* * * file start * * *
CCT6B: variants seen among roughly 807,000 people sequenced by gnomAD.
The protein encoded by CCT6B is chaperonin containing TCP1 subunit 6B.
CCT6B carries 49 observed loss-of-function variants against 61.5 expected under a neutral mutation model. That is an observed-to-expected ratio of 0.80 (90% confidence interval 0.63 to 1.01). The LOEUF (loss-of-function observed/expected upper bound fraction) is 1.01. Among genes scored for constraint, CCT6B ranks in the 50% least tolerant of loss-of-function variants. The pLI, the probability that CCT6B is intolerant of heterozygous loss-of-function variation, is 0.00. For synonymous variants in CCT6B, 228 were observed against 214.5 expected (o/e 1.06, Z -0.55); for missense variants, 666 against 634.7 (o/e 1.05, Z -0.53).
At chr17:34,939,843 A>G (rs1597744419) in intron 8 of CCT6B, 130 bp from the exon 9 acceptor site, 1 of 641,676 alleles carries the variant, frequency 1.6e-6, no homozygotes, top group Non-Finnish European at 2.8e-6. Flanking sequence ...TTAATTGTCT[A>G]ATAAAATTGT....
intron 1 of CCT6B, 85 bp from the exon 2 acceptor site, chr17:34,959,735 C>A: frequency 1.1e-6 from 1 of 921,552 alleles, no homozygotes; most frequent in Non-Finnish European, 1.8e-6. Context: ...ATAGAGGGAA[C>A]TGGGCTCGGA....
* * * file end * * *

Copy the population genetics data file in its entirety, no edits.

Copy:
CCT6B: variants seen among roughly 807,000 people sequenced by gnomAD.
The protein encoded by CCT6B is chaperonin containing TCP1 subunit 6B.
CCT6B carries 49 observed loss-of-function variants against 61.5 expected under a neutral mutation model. That is an observed-to-expected ratio of 0.80 (90% confidence interval 0.63 to 1.01). The LOEUF (loss-of-function observed/expected upper bound fraction) is 1.01. Among genes scored for constraint, CCT6B ranks in the 50% least tolerant of loss-of-function variants. The pLI, the probability that CCT6B is intolerant of heterozygous loss-of-function variation, is 0.00. For synonymous variants in CCT6B, 228 were observed against 214.5 expected (o/e 1.06, Z -0.55); for missense variants, 666 against 634.7 (o/e 1.05, Z -0.53).
At chr17:34,939,843 A>G (rs1597744419) in intron 8 of CCT6B, 130 bp from the exon 9 acceptor site, 1 of 641,676 alleles carries the variant, frequency 1.6e-6, no homozygotes, top group Non-Finnish European at 2.8e-6. Flanking sequence ...TTAATTGTCT[A>G]ATAAAATTGT....
intron 1 of CCT6B, 85 bp from the exon 2 acceptor site, chr17:34,959,735 C>A: frequency 1.1e-6 from 1 of 921,552 alleles, no homozygotes; most frequent in Non-Finnish European, 1.8e-6. Context: ...ATAGAGGGAA[C>A]TGGGCTCGGA....